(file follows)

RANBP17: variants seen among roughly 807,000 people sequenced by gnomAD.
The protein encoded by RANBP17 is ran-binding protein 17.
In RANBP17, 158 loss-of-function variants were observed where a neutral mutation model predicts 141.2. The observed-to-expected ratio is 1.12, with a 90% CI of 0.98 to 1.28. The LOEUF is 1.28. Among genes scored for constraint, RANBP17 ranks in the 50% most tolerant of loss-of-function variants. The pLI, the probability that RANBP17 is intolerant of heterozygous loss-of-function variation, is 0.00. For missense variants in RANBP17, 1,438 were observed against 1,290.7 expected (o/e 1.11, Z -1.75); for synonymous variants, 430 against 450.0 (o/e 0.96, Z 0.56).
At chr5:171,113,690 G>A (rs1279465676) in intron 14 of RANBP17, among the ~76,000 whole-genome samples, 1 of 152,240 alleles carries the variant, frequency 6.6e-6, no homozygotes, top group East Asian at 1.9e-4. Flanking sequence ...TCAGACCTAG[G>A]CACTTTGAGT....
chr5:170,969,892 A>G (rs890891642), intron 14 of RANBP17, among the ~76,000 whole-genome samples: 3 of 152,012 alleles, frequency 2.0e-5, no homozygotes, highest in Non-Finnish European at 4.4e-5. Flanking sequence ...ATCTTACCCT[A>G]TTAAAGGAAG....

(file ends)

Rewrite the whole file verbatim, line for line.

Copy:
RANBP17: variants seen among roughly 807,000 people sequenced by gnomAD.
The protein encoded by RANBP17 is ran-binding protein 17.
In RANBP17, 158 loss-of-function variants were observed where a neutral mutation model predicts 141.2. The observed-to-expected ratio is 1.12, with a 90% CI of 0.98 to 1.28. The LOEUF is 1.28. Among genes scored for constraint, RANBP17 ranks in the 50% most tolerant of loss-of-function variants. The pLI, the probability that RANBP17 is intolerant of heterozygous loss-of-function variation, is 0.00. For missense variants in RANBP17, 1,438 were observed against 1,290.7 expected (o/e 1.11, Z -1.75); for synonymous variants, 430 against 450.0 (o/e 0.96, Z 0.56).
At chr5:171,113,690 G>A (rs1279465676) in intron 14 of RANBP17, among the ~76,000 whole-genome samples, 1 of 152,240 alleles carries the variant, frequency 6.6e-6, no homozygotes, top group East Asian at 1.9e-4. Flanking sequence ...TCAGACCTAG[G>A]CACTTTGAGT....
chr5:170,969,892 A>G (rs890891642), intron 14 of RANBP17, among the ~76,000 whole-genome samples: 3 of 152,012 alleles, frequency 2.0e-5, no homozygotes, highest in Non-Finnish European at 4.4e-5. Flanking sequence ...ATCTTACCCT[A>G]TTAAAGGAAG....